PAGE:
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The [QUERY] option

If this option is omitted, sbbdep will only run the synchronization (if it is not disabled via --nosync). sbbdep takes exact one QUERY value, and this is what sbbdep will search for.
The query value can be

  • a file name
    If the given argument is a package file from /var/adm/packages or a dynamic linked file sbdep will run its query on this file.
    If the given argument is some other regular file sbbdep will perform a lookup in all installed packages and report where the file is from.
  • a folder name
    In this case sbbdep will interpret the given folder as the destination as a $DESTDIR of a
    make install DESTDIR=/some/where
    In this case sbbdep checks for dynamic linked files in the usual directories relative to DESTDIR.
    It will than do a dependency search for the required libraries that do not exist in the usual lookup directories relative to DESTDIR. All dependencies that are not within the DESTDIR will be reported.
  • just some string
    If the given argument not a file or a folder, sbbdep will look up the string in filenames of the installed packages and report them.

Have a look at the examples to see how it works.

default serach and search with --ldd option

sbbdep uses the ELF information found in dynamic linked files and searches for the sonames in the the usual search paths of the file system. sbbdep will report all found files or the packages the are in, combined with an 'or' (|). Also, per default sbbdep reports direct dependencies, For a query on file A that needs file B and file B needs file C, sbbdep will only report a dependency to file B.

Using the --ldd option for a search sbbdep search like the ldd command for dependencies. This means in opposit to the default search only the actual used dependencies are reported and there is no information about optional possibilities. Also, the full dependency tree is reported, so for a query on file A that needs file B and file B needs file C, both file B and C will be reported.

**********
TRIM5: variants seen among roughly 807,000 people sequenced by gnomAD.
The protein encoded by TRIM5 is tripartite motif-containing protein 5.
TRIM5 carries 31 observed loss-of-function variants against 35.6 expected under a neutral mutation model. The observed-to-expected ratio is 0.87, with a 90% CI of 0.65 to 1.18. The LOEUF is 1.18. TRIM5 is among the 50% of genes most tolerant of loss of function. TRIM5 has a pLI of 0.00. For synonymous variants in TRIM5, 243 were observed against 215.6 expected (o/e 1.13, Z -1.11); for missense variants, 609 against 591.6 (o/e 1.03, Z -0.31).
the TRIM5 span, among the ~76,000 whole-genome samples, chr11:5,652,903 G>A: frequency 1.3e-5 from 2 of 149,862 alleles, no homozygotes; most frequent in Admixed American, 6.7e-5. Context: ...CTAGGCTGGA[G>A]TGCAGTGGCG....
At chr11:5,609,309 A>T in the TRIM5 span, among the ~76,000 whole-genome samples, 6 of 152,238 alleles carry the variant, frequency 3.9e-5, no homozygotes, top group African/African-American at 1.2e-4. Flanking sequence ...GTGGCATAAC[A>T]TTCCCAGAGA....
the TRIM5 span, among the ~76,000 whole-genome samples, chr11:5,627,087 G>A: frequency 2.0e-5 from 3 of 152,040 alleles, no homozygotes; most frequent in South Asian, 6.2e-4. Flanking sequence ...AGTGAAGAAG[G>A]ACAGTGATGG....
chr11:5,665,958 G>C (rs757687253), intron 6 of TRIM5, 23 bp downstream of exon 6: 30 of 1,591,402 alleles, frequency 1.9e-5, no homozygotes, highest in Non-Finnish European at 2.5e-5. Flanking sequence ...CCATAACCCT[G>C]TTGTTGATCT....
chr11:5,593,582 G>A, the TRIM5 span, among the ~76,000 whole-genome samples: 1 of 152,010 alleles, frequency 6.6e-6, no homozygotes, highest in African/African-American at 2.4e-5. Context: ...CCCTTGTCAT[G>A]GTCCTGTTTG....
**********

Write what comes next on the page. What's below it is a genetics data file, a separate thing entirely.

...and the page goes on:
The --ldd option makes only sense for dependency search and is useless for a whoneeds search.

sbbdep can also search for info about which other components need the given one.

This works mostly correct, however, through the nature of the multiple system configurations additional, non reported dependencies are possible in the same way as that a reported component may have an alternative to use and does not depend just on the questioned one.
The first case is rare, the second one can occur more often.
To see if a whoneeds query reports absolute and non alternative dependencies, the reported dependent packages can be cross checked with sbbdep if there is an alternative.

Have a look at the examples to see how it works.


Output format and report detail options


xdl stands for 'explain dynamic linkage'.
With this option sbbdep reports the dependencies on a file based level.
Have a look at the examples to see how it works.

-s or --short

per default sbbdep prints the package names with version number. With this option only the package name will be reported and in some cases package names will be separated with a, instead of a new line.
Have a look at the examples to see how it works.

Back to the options overview